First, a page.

• Producers scale back production
• Farmers blame high input costs
• Focus on productivity not output
Beef and sheep farmers expect to scale back production over the coming months as they strive to remain profitable in the face of high input costs.
Some 40% of cattle keepers suggest they will be reducing numbers during 2023, according to an NFU livestock intentions survey, with 37% saying their numbers will remain the same and only 17% planning an increase.
The survey of 1011 livestock producers was carried out last September, although the results were only made available last month. Responses from all regions of England and Wales covered a range of beef and sheep production systems.
Reasons given to reduce beef numbers were largely predictable. Some 87% of respondents cited high input costs. This was followed by profitability concerns (72%), loss of the basic payment (51%) and lack of market confidence (43%)..
Other reasons included insufficient or unclear information about the government’s new Environmental Land Management (ELM) scheme (42%), government regulartion (41%) and the impact of last summer’s drought (29%).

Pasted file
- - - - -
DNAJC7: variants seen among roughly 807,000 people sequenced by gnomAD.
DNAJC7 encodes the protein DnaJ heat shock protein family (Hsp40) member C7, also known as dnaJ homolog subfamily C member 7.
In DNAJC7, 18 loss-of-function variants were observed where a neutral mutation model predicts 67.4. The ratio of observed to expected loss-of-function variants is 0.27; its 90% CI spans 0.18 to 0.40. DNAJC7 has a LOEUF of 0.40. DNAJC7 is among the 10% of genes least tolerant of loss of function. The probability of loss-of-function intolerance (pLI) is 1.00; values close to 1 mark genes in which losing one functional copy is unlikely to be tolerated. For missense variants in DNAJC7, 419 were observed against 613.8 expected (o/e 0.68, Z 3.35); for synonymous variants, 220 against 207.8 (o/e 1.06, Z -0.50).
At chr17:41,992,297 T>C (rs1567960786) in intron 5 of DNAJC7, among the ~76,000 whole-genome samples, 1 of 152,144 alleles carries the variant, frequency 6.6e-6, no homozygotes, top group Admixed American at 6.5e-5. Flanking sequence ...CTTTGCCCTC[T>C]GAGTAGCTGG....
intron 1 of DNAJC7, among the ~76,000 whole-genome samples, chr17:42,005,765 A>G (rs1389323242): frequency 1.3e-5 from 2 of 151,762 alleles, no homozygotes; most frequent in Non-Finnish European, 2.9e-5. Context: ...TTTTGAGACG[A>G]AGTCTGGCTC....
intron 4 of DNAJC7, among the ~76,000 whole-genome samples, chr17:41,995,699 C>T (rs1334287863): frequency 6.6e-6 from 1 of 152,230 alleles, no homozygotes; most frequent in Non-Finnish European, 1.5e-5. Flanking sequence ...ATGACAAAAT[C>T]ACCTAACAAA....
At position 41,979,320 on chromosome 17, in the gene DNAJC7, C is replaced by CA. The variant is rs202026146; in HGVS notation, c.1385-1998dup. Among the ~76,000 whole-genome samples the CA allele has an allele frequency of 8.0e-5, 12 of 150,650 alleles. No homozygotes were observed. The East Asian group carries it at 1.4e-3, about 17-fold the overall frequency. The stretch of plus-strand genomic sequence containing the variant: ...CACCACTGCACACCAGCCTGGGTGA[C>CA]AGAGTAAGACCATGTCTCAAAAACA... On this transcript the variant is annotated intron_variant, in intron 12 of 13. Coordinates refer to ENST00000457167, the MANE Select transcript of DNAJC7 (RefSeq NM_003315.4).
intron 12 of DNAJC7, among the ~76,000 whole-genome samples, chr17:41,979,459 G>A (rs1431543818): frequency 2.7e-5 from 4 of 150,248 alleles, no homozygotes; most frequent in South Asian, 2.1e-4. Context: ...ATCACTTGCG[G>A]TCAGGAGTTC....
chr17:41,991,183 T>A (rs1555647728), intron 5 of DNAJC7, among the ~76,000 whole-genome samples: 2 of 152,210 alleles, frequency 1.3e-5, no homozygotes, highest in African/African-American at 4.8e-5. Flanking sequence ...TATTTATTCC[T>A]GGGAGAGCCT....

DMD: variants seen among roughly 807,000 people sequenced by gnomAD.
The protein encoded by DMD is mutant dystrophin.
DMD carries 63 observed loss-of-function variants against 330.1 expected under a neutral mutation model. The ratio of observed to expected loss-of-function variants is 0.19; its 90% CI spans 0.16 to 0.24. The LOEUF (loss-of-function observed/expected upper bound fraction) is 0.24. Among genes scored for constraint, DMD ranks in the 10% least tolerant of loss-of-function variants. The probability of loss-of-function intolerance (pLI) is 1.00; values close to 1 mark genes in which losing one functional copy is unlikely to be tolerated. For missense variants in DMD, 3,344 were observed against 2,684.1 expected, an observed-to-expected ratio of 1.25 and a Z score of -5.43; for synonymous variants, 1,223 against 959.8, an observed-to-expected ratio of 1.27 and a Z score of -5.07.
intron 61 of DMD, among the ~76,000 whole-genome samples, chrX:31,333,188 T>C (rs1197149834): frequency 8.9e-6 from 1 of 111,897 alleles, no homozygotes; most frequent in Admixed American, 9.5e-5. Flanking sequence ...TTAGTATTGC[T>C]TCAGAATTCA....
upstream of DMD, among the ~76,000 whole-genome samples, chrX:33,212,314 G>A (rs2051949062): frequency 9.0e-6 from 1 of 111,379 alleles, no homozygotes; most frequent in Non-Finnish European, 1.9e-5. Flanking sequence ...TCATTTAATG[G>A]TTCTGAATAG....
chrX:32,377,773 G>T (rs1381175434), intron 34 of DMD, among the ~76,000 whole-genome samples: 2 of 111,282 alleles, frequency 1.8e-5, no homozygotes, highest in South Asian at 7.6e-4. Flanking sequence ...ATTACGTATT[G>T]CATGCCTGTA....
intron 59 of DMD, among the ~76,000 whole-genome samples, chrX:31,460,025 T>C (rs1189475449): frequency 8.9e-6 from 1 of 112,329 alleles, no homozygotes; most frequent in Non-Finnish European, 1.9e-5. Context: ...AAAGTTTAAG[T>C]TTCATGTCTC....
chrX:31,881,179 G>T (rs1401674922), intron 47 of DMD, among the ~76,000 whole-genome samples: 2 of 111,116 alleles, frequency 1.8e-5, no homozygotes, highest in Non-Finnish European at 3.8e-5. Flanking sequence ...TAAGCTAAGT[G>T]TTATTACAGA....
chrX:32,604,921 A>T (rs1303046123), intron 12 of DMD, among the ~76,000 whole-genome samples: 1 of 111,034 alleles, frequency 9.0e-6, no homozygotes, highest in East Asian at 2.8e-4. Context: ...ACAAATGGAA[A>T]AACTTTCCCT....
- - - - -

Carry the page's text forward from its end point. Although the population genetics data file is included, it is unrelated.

Almost one third of producers said they expected the number of days to finish cattle would increase during 2023. Some 60% of producers said carcass weights would remain broadly the same, with 24% predicting lower carcass weights.
Market signals are driving producers to reduce weights below 400kgs because of processing efficiency and customer requirements on cut and pack size. Finishing cattle at optimum weights also makes commercial sense when feed costs are high.
Some 36% of sheep producers suggest they will reduce numbers during 2023, with 41% expecting numbers to remain the same. Only 17% intend to increase numbers with 6% saying they didn’t know if numbers will go up or down.
Similar to beef farmers, reasons given to reduce sheep numbers included high inoput costs (76%), profitability concerns (59%), loss of the BPS (39%), lack of market confidence (44%) and lack of information about ELMs (32%) and weather (33%).
In terms of feed, 88% of beef and sheep farmers said they made forage in 2022, with 17% saying the quality of conserved forage was worse than usual. That said, 33% said the quality was better, with 44% saying it was about the same.
NFU livestock board chairman Richard Findlay said 2022 had been dominated by an unprecedented increase in production costs, combined with one of the driest summers on record.
“We have seen critical farm inputs of fertiliser, feed and fuel rise to unsustainable levels,” said Mr Findlay. There was an urgent need for policies that would help to drive productivity in 2023 and beyond, he added.
“We are focusing more on productivity and with the right support we can invest in our businesses, embrace technology and use data to inform decisions. We need support from our domestic customers and to grow exports.”